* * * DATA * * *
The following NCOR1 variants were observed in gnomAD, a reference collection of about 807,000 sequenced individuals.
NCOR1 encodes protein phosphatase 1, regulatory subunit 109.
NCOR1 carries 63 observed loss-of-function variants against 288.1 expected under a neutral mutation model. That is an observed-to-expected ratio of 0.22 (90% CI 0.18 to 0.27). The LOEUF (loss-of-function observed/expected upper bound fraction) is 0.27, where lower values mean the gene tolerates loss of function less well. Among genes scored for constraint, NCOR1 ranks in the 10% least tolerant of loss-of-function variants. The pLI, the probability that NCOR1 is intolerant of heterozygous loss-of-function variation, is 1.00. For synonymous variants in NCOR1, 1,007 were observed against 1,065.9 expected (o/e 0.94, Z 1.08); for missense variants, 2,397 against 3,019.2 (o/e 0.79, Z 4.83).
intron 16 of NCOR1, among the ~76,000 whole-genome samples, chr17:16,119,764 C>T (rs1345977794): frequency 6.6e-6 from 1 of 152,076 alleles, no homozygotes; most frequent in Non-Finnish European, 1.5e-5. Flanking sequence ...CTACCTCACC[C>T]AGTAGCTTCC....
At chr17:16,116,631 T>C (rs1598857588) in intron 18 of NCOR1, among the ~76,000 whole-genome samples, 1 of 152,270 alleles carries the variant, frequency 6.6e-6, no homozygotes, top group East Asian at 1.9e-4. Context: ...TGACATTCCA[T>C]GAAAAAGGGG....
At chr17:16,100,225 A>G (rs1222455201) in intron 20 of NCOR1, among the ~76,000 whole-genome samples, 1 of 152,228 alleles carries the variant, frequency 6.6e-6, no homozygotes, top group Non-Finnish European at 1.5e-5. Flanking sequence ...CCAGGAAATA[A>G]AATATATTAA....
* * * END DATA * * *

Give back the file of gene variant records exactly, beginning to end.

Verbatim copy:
The following NCOR1 variants were observed in gnomAD, a reference collection of about 807,000 sequenced individuals.
NCOR1 encodes protein phosphatase 1, regulatory subunit 109.
NCOR1 carries 63 observed loss-of-function variants against 288.1 expected under a neutral mutation model. That is an observed-to-expected ratio of 0.22 (90% CI 0.18 to 0.27). The LOEUF (loss-of-function observed/expected upper bound fraction) is 0.27, where lower values mean the gene tolerates loss of function less well. Among genes scored for constraint, NCOR1 ranks in the 10% least tolerant of loss-of-function variants. The pLI, the probability that NCOR1 is intolerant of heterozygous loss-of-function variation, is 1.00. For synonymous variants in NCOR1, 1,007 were observed against 1,065.9 expected (o/e 0.94, Z 1.08); for missense variants, 2,397 against 3,019.2 (o/e 0.79, Z 4.83).
intron 16 of NCOR1, among the ~76,000 whole-genome samples, chr17:16,119,764 C>T (rs1345977794): frequency 6.6e-6 from 1 of 152,076 alleles, no homozygotes; most frequent in Non-Finnish European, 1.5e-5. Flanking sequence ...CTACCTCACC[C>T]AGTAGCTTCC....
At chr17:16,116,631 T>C (rs1598857588) in intron 18 of NCOR1, among the ~76,000 whole-genome samples, 1 of 152,270 alleles carries the variant, frequency 6.6e-6, no homozygotes, top group East Asian at 1.9e-4. Context: ...TGACATTCCA[T>C]GAAAAAGGGG....
At chr17:16,100,225 A>G (rs1222455201) in intron 20 of NCOR1, among the ~76,000 whole-genome samples, 1 of 152,228 alleles carries the variant, frequency 6.6e-6, no homozygotes, top group Non-Finnish European at 1.5e-5. Flanking sequence ...CCAGGAAATA[A>G]AATATATTAA....